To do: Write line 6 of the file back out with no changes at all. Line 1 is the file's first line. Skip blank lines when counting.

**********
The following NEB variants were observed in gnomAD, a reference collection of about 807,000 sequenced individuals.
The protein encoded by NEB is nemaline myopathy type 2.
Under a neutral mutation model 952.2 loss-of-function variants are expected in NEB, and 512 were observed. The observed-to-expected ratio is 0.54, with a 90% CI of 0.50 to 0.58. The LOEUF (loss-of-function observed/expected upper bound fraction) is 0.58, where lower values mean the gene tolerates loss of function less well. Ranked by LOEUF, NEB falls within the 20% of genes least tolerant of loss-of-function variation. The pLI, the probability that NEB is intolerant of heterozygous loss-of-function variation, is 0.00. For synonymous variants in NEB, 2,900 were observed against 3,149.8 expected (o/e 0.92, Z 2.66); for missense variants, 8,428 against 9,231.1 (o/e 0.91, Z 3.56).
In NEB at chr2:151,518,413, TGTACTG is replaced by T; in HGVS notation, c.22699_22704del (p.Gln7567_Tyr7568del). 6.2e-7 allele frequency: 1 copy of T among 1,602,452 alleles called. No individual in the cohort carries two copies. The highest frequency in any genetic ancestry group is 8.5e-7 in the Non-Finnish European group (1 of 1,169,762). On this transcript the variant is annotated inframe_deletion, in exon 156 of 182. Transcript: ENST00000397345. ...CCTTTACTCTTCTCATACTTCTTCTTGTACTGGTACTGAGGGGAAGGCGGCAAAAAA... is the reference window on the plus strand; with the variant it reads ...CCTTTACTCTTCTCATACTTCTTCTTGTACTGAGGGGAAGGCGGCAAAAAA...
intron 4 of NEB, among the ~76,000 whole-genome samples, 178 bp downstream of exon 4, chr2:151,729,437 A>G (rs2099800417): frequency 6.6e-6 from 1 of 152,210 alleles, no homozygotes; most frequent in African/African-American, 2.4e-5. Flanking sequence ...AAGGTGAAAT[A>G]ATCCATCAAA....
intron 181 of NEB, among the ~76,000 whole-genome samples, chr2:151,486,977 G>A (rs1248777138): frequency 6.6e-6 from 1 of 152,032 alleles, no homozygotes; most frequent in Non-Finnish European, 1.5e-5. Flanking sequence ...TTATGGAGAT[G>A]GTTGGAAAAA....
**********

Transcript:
intron 181 of NEB, among the ~76,000 whole-genome samples, chr2:151,486,977 G>A (rs1248777138): frequency 6.6e-6 from 1 of 152,032 alleles, no homozygotes; most frequent in Non-Finnish European, 1.5e-5. Flanking sequence ...TTATGGAGAT[G>A]GTTGGAAAAA....